Financial services executives are sort of like record company execs in the late 1990s. The big difference is that the former know that massive change is coming.
Turns out your grade school counselor was right, image isn't everything - or at least not when it comes to creating effective advertising. While marketers are obsessing over capturing high-quality graphics to catch the consumer's eye, they may be missing out on a much cheaper, faster, and more engaging form of content: podcasts.
Back-to-school shopping season is in full swing, and moms are actively filling their baskets with products for the first day of classes.
Influencer marketing represents one of the fastest-growing methods for online customer acquisition, with two-thirds of marketers planning to increase their spends in this area. And while marketers are reporting significant return on each dollar spent in this sector, that doesn't mean it's a fit for every brand.
From leaning on a crowd of individuals to suggest anything from binge-worthy shows to ideas on reducing cosmic ray exposure, organizations like Netflix and NASA are finding creative ways to leverage crowdsourcing, according to "Harvard Business Review."
There is a reason why brands like Nivea, Pernod Ricard, Heineken, and Coca-Cola are killing it on social media and building stronger connections with consumers. They aren't relying on stock imagery. Rather, they are crowdsourcing authentic images that align with their brand message and values.
Amazon is the king of retail, and every now and then it finds new ways to tax its partners. The company's Sponsored Product ads, in which brands can bid to include their products within on-site search listings, have long been one of its most popular and effective tools. The reason is obvious: opening listings up to bids theoretically allows one brand to get the best ranking and pull revenue away from competitors.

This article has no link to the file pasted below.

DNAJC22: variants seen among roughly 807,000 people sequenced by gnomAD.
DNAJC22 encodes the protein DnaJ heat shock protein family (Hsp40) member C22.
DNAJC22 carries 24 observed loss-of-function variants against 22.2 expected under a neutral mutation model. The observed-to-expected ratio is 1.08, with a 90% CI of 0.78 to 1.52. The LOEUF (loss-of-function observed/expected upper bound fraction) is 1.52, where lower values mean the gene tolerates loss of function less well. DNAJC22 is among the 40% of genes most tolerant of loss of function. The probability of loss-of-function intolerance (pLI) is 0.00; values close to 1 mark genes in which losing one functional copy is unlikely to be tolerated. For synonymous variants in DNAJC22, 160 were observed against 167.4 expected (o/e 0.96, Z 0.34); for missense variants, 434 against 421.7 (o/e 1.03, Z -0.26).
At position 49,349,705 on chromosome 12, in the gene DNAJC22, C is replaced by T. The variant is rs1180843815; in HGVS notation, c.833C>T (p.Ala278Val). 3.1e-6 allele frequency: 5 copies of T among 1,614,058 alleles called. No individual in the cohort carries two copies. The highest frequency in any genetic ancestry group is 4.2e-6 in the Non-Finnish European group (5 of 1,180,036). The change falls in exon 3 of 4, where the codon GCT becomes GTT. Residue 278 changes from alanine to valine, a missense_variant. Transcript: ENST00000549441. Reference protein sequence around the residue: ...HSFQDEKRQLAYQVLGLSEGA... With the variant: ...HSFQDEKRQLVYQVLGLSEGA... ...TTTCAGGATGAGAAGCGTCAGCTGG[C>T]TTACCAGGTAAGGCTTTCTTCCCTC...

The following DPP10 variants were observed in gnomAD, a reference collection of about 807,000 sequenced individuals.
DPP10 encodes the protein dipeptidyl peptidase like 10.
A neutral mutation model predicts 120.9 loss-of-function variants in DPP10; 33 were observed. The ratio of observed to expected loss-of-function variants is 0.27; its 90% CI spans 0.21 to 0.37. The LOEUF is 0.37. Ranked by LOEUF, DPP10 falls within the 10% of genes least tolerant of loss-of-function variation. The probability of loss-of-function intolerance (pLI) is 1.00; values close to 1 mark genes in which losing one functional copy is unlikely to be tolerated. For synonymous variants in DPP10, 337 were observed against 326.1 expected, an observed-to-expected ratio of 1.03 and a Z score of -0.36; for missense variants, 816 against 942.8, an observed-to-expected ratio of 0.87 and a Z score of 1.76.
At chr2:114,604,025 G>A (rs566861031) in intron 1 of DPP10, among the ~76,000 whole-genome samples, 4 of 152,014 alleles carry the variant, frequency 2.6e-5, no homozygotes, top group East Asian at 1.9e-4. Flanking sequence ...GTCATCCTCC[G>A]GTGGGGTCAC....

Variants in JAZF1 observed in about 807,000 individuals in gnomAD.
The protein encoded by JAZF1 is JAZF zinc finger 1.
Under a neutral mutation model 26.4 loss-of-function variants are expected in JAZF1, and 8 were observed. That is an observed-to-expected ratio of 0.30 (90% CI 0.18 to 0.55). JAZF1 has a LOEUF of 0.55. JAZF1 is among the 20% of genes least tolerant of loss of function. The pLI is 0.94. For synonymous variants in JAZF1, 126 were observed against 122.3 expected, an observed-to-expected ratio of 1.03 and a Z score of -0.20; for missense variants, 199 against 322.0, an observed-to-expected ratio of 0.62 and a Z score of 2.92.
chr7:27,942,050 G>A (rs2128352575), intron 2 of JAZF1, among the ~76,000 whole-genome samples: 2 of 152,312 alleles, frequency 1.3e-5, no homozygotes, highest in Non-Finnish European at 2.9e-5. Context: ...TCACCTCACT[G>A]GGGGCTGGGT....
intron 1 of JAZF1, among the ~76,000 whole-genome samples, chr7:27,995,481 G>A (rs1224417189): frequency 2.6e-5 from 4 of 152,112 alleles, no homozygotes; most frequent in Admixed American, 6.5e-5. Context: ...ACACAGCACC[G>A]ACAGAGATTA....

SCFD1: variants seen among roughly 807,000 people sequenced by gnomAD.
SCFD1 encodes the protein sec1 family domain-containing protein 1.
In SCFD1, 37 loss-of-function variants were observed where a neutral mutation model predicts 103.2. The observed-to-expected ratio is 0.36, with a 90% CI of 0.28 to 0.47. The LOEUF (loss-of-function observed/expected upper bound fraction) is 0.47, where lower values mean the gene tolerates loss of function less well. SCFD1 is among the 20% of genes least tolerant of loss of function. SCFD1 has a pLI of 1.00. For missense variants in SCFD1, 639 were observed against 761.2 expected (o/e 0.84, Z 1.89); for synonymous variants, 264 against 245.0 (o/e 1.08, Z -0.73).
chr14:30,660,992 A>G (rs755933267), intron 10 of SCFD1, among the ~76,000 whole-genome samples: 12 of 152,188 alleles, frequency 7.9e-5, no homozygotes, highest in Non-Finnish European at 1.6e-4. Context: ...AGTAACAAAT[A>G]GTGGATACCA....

When data surpassed oil last year as the world's most valuable resource, it marked a dramatic milestone in the history of human commercial activity. The "information economy" is firmly upon us, and it affects us all regardless of industry. Nobody knows that better than marketing and media professionals, who rely on targeted advertising to fuel their business.
Any discussion around brand suitability should begin and end with the consumer mindset. Too often, executives think of brand suitability as a relationship between only their brands and the content. They forget that consumers bring certain expectations to the content they watch, and those expectations may affect whether or not it is appropriate for a brand's message to appear.
There's nothing groundbreaking about the concept of a customer-centric business model. After all, who hasn't been told "the customer is always right" at some point in their life? While the idea of a customer-centric business is nothing new, it's never been more essential.